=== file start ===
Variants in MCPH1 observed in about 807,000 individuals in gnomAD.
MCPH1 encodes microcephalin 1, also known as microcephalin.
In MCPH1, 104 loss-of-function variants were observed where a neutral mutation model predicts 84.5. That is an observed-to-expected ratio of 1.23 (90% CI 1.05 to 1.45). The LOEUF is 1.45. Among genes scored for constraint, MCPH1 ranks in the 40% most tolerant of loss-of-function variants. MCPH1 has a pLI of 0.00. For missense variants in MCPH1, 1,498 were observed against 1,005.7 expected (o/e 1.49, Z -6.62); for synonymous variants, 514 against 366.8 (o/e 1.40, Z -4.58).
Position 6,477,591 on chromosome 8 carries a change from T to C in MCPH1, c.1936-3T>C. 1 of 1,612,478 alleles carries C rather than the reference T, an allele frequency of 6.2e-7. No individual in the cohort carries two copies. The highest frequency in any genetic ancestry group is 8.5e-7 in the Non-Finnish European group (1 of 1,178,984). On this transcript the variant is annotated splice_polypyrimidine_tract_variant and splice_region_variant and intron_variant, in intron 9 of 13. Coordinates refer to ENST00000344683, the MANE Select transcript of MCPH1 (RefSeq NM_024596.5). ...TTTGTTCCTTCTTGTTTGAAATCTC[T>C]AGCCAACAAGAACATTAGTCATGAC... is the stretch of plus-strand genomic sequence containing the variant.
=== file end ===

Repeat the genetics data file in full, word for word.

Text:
Variants in MCPH1 observed in about 807,000 individuals in gnomAD.
MCPH1 encodes microcephalin 1, also known as microcephalin.
In MCPH1, 104 loss-of-function variants were observed where a neutral mutation model predicts 84.5. That is an observed-to-expected ratio of 1.23 (90% CI 1.05 to 1.45). The LOEUF is 1.45. Among genes scored for constraint, MCPH1 ranks in the 40% most tolerant of loss-of-function variants. MCPH1 has a pLI of 0.00. For missense variants in MCPH1, 1,498 were observed against 1,005.7 expected (o/e 1.49, Z -6.62); for synonymous variants, 514 against 366.8 (o/e 1.40, Z -4.58).
Position 6,477,591 on chromosome 8 carries a change from T to C in MCPH1, c.1936-3T>C. 1 of 1,612,478 alleles carries C rather than the reference T, an allele frequency of 6.2e-7. No individual in the cohort carries two copies. The highest frequency in any genetic ancestry group is 8.5e-7 in the Non-Finnish European group (1 of 1,178,984). On this transcript the variant is annotated splice_polypyrimidine_tract_variant and splice_region_variant and intron_variant, in intron 9 of 13. Coordinates refer to ENST00000344683, the MANE Select transcript of MCPH1 (RefSeq NM_024596.5). ...TTTGTTCCTTCTTGTTTGAAATCTC[T>C]AGCCAACAAGAACATTAGTCATGAC... is the stretch of plus-strand genomic sequence containing the variant.